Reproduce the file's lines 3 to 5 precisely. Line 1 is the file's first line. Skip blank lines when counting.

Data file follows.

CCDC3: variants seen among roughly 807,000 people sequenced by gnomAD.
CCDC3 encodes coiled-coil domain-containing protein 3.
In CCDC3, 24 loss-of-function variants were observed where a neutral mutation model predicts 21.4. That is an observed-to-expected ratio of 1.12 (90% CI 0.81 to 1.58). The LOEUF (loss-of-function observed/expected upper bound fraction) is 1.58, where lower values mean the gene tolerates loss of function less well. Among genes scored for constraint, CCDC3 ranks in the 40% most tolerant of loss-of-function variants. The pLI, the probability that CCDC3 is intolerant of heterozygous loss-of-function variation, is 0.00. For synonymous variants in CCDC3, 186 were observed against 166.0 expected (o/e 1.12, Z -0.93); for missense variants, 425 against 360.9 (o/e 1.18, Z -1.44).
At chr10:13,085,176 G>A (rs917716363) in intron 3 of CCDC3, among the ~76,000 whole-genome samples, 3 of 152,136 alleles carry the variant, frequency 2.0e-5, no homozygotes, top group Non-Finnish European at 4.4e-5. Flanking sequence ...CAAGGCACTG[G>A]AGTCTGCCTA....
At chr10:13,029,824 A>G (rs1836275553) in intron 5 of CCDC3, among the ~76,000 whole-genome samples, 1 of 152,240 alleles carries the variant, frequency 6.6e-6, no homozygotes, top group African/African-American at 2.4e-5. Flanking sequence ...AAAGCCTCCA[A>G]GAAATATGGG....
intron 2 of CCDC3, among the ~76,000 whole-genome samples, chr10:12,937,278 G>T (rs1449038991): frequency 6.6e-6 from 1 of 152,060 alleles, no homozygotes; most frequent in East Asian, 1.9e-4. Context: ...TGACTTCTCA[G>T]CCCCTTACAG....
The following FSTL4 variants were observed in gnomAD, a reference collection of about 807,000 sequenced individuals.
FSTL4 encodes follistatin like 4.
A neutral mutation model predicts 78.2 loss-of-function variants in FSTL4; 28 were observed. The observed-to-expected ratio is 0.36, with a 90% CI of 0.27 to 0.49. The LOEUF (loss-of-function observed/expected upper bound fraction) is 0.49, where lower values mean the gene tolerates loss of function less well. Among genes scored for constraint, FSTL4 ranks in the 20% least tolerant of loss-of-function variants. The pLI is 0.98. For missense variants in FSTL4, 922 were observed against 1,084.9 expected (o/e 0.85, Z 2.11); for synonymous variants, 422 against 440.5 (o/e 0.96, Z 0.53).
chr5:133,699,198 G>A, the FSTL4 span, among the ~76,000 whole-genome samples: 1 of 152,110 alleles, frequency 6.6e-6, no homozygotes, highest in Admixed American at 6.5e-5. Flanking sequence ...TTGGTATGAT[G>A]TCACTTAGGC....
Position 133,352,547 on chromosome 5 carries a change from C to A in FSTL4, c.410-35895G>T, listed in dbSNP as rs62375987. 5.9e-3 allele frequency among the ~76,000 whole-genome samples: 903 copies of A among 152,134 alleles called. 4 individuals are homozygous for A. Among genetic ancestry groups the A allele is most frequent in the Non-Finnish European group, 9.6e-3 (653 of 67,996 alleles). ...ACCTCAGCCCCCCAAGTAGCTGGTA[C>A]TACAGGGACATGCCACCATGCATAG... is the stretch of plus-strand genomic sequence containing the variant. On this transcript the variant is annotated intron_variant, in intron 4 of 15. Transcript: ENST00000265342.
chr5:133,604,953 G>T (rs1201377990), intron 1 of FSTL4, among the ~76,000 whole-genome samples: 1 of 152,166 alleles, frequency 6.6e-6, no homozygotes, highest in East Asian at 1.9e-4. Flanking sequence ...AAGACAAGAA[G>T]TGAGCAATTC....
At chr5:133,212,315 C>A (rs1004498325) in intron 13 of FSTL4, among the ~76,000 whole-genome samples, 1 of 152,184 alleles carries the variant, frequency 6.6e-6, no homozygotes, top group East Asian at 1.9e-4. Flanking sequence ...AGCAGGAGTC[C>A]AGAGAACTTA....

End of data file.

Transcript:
In CCDC3, 24 loss-of-function variants were observed where a neutral mutation model predicts 21.4. That is an observed-to-expected ratio of 1.12 (90% CI 0.81 to 1.58). The LOEUF (loss-of-function observed/expected upper bound fraction) is 1.58, where lower values mean the gene tolerates loss of function less well. Among genes scored for constraint, CCDC3 ranks in the 40% most tolerant of loss-of-function variants. The pLI, the probability that CCDC3 is intolerant of heterozygous loss-of-function variation, is 0.00. For synonymous variants in CCDC3, 186 were observed against 166.0 expected (o/e 1.12, Z -0.93); for missense variants, 425 against 360.9 (o/e 1.18, Z -1.44).
At chr10:13,085,176 G>A (rs917716363) in intron 3 of CCDC3, among the ~76,000 whole-genome samples, 3 of 152,136 alleles carry the variant, frequency 2.0e-5, no homozygotes, top group Non-Finnish European at 4.4e-5. Flanking sequence ...CAAGGCACTG[G>A]AGTCTGCCTA....
At chr10:13,029,824 A>G (rs1836275553) in intron 5 of CCDC3, among the ~76,000 whole-genome samples, 1 of 152,240 alleles carries the variant, frequency 6.6e-6, no homozygotes, top group African/African-American at 2.4e-5. Flanking sequence ...AAAGCCTCCA[A>G]GAAATATGGG....